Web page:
Business Social Responsibility: Building an Organization of values, compassion and integrity.
‘They have not only mastered the art of multiplying wealth, but also the art of community philanthropy.’
Socially responsible businesses approach development holistically. In an effort to make an impact in this world, they respond to large global challenges spontaneously, regardless of their own size. They attend to social issues by raising social capital and simultaneously motivating their employees and stakeholders within their ecosystem to make meaningful contributions to the community that enables their business. They are able to take responsibility of their company’s activities that affect the environment and its people. A good example for this is the electronics giant, Apple keeping its packaging environment friendly by encouraging use of 99 percent recycled paper products.
The community angle
Socially responsible businesses have shifted their philanthropic focus from adopting causes to adopting communities. The shift is encouraging as they realize that impact is not just measured by numbers but also the real-time response of people who are affected by the problem. The GE Foundation contributed $88 million to community and educational programs in 2016 while Cisco’s CSR programs make use of the company’s technology and resources to aid emaciated communities with education, healthcare, economic empowerment, and disaster relief.
Organizations design CSR initiatives and impact that marries their business vision. For instance, Linkedin being a social networking site has owned the initiative to connect underprivileged communities to economic opportunity. They partner with youth training organizations, veterans career services, refugee resource networks, and more.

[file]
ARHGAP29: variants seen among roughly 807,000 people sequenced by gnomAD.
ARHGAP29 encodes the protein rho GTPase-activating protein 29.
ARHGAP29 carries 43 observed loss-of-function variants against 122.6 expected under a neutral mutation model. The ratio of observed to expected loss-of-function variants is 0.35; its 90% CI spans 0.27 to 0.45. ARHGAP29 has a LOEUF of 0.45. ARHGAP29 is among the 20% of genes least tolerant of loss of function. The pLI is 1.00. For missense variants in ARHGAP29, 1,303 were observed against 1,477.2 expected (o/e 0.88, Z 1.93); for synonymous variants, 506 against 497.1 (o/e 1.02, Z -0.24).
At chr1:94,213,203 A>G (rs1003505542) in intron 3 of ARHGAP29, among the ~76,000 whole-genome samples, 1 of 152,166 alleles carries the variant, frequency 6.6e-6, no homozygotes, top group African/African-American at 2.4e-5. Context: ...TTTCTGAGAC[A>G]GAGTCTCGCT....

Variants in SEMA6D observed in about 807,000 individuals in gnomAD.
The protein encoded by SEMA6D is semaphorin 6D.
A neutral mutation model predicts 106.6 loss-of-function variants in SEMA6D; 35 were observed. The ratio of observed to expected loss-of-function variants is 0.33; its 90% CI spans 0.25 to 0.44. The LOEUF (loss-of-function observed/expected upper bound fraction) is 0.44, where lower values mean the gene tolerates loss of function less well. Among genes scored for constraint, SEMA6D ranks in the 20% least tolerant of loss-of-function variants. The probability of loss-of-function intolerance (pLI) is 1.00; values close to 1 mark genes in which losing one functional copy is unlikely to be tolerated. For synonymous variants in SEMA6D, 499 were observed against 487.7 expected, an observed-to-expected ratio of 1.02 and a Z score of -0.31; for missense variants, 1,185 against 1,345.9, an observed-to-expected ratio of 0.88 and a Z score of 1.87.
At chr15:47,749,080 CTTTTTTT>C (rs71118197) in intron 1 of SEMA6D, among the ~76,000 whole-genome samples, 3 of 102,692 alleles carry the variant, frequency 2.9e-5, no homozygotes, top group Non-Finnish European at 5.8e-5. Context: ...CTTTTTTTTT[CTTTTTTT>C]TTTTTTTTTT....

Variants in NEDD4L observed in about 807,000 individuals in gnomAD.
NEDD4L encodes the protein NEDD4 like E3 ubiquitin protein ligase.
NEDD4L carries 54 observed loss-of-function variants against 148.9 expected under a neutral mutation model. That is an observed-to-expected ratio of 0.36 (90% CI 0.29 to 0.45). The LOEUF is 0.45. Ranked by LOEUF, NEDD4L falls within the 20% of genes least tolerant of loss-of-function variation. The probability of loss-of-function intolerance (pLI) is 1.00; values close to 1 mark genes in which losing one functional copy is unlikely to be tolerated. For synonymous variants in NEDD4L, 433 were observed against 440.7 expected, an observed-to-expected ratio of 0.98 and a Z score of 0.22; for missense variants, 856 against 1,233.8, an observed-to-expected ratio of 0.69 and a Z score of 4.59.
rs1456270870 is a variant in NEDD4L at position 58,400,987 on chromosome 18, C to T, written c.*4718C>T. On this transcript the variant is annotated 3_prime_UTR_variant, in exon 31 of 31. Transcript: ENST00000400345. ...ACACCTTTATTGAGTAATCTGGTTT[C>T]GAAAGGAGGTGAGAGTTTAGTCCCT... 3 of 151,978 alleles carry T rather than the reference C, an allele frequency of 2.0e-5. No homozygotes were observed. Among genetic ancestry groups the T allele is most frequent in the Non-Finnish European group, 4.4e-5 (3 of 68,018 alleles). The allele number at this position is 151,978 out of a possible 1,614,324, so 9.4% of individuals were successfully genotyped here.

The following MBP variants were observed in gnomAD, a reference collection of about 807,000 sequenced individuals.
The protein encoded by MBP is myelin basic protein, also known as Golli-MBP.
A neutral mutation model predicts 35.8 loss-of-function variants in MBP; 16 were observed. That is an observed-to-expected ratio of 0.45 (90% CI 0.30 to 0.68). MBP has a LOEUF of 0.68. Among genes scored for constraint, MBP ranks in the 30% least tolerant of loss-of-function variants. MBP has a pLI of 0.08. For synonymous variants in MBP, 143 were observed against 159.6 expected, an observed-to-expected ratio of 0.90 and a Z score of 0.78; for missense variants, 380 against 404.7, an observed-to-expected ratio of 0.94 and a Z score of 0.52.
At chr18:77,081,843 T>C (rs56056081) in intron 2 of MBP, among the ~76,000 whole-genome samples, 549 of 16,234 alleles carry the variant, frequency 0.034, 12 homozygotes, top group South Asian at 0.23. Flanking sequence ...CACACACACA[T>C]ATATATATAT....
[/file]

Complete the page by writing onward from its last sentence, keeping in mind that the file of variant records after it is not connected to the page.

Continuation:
Walt Disney’s social mission resembles their business mission which is to strengthen communities “by providing hope, happiness, and comfort to kids and families who need it most” . In lieu of this Walt Disney has spent over $400 million to nonprofit organizations in 2016. Following this initiative, they were ranked one of the “World’s Most Admired Companies” by Fortune for two consecutive years.
Why do we need more socially responsible businesses?
It has been apparent for Corporate/ Business Social Responsibility (CSR) teams to work closely with their respective marketing departments and objectives, but CSR activity has swirled positive effects for the human resource (HR) department’s agenda, as well. Social activities aid in increased job satisfaction and retention of purpose-driven employees. This is achieved by involving the employees in the macro and micro processes that designing and implementing a social responsibility campaign.
Large organizations that lack human communication between the top management and bottom executive levels are constantly stifled while finding ways to improve job satisfaction. 83 percent of Deloitte employees say that pro bono work has made a positive impact on job satisfaction and 60 percent reported “significant gains in job-relevant skills”. Such activity has also encouraged employees to spend their time in working pro bono for a cause that they believe in.
This has led way to community philanthropy where employees remain purpose driven and pick up opportunities that allow them to work for a common cause. Jennifer Dickey pointed out in a study by NYU that “purpose-oriented employees” tend to remain with employers 20 percent longer than those at other companies and are about 47 percent more likely to be more engaged promoters of the companies they work for.
IBM is another such organization that has combined the World Community Grid with the computing power of idle PCs and mobile devices across a worldwide network for an equivalent of 167,000 years of computing time to support projects such as cancer treatment research.
How do we get there?
Many large organizations believe that their expanse continues to grow by keeping the value of social responsibility among their core values. They are successful, on a continuous path of growth and looked upto not just because of their financial worth but also because how they impact the abandoned and unattended communities and causes.
SAHAVE is an attempt to bring such driven businesses in touch with their other side. It is an attempt to bridge the gap between profit-driven business and community-driven business. It is the difference between achieving just financial growth, and achieving holistic success for a single community, a country or even the world.